How to Properly Use Archives in Your Website?

Posted on September 21, 2011 by
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Unfortunately, many website owners overlook archives and as the result, they don’t get the attention they deserve. Often archives are no different than other pages in the website or they can be ignored altogether.  Just like other web elements, you can also use archives creatively. Whether you opt to devote an entire webpage or use abbreviated archives in the footer or sidebar, you can make them stands out.

These are a few things you should do to make your archive user-friendly and functional:

  1. Use space efficiently: There is no sense cramming the archive into a cramped space. If you have an extensive archive, you may need to devote the whole page to it instead of forcing it into the footer or sidebar. The opposite is true, if you have a fairly simple and small archive; it is a waste of space to use the whole page. Consider putting the archive in the footer or sidebar, you may even use drop down menu to further save space.
  2. Make it highly accessible: Even first-time and casual visitors should be able to find your archive easily. Put the link to the archive in an obvious location, such as the sidebar, footer and header. You should also label it clearly to let people know that it is an archive, not an off-site link. Instead of naming your archive, ‘recent articles’, ‘older blog posts’ ,’blog posts’ or others, you should simply call it “archives’ and place it prominently. You should also use intuitive archive design, for example, posts can be listed vertically based on post date. There’s no point adding an archive to your site if people can’t find it.
  3. Delineate it: If you decide to put the archive in your footer or sidebar, you should make it distinct from surrounding content and clearly define it. You can achieve it by using different fonts and color or add a border. People should also know where the archive begins and ends. If you devote a webpage for the archive, it is important to remove visual clutter such as sidebar and footer. If not, you should make it easy for people to distinguish archive in the webpage, so they won’t look for it at the header, sidebar and footer.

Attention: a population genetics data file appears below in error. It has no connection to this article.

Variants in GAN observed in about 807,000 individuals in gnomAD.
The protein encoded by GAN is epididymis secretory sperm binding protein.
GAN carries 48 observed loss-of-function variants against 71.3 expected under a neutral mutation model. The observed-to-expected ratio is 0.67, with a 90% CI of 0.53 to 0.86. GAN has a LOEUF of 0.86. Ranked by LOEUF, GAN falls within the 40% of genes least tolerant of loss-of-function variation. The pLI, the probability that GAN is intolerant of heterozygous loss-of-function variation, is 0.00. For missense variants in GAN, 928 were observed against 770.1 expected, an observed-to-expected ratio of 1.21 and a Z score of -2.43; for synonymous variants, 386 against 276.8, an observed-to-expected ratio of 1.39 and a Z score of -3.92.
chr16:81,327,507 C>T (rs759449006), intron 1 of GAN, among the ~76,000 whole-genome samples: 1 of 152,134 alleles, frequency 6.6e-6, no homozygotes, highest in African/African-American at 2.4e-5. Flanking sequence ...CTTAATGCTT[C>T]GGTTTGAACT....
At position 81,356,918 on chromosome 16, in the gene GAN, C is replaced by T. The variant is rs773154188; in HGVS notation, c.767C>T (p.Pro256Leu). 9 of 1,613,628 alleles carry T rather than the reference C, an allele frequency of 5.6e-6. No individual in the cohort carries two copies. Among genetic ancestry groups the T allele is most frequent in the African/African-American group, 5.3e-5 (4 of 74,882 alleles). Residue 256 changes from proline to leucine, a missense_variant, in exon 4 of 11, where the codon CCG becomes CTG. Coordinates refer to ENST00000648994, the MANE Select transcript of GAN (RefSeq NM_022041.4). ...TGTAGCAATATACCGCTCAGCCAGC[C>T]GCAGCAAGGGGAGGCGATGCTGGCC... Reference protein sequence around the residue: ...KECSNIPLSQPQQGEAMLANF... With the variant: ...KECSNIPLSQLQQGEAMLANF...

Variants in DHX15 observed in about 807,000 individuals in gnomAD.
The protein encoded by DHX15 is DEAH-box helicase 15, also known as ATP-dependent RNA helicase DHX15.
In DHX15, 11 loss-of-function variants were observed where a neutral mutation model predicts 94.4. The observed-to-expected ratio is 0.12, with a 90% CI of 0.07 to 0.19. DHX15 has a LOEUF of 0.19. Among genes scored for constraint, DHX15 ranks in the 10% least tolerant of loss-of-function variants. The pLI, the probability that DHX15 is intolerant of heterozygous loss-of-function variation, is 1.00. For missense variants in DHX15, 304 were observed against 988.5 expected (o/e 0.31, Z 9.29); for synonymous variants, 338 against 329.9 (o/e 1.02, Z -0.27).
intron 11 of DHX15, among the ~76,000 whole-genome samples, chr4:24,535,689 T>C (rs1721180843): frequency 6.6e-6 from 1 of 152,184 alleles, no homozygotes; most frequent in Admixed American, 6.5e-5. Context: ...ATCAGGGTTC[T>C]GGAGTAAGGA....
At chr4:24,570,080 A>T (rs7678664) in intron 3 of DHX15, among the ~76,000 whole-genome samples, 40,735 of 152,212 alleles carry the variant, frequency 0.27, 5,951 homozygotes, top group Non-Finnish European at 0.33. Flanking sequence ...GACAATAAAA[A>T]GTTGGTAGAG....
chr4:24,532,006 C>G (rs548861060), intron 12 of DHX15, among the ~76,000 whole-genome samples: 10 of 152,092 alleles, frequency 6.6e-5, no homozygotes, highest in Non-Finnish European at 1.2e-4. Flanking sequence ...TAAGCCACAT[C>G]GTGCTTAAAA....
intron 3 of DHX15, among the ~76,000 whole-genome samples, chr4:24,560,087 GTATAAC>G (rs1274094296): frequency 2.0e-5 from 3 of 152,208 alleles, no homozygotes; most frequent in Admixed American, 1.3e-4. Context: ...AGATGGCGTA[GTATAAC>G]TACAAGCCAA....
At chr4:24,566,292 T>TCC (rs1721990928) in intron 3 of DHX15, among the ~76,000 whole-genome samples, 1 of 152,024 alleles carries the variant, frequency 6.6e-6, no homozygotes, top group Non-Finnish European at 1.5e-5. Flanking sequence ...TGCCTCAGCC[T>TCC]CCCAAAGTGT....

4. Use categories: If you have an extensive archive, it may overwhelm people. Categories can help people to find contents they need or are interested in. Categories can still be useful on smaller archives. However, excessive categories may also confuse people more than they help. If you have a personal blog, you should use date-based archive, instead of topic-based categories. However, if your have a big archive and have diverse topics, tag-based archive can be helpful.
  5. Don’t show the content: Even if you devote a webpage for the archive, you shouldn’t show the full articles. This will take up too much space and make it harder to navigate the archive. You should only include a short excerpt (between one and three sentences). This keeps the archive page organized and clean, which makes skimming it a whole lot easier.
  6. Offers various view options: If you use excerpts in the archive page, you should also offer an option to display only titles and date of the articles. Use cookies to save user preferences and a simple switcher should be enough for this purpose.
  7. Split it: You don’t have to organize your archive in a single list. For example, if put the archive in the sidebar, you should break it up into smaller lists, such as most recent posts, random posts, most popular posts and others. These lists can help people something relevant and interesting in the archive, which would be more difficult to achieve in a conventional archive. Depending on how you structure these lists, they can also add useful visual interests to your website. A list of featured or random posts can draw people attention and increase traffic to your older articles.
  8. Is an archive even necessary?

    Not all websites should have a dedicated archive. In many cases, category-based navigation already works well. Some sites use no archives and simply add an “Old posts” link. If your website contains plenty of timeless and evergreen contents, archive can be useful. On the other hand, personal blogs that use chronological structure may work fine without an archive unless your visitors demand it. Instead of a formal archive, consider using tag cloud or category system to help users find older posts, because both can be more helpful for those who seek for contents of specific topics. Archives can present an efficient and interesting method to find information they are explicitly searching for. Consider it carefully before deciding to include an archive in your website.

    About: This Article was Contributed by Raja. He is a Web Hosting industry watcher and writes regularly on Dedicated Hosting Reviews and Reseller Hosting Reviews.

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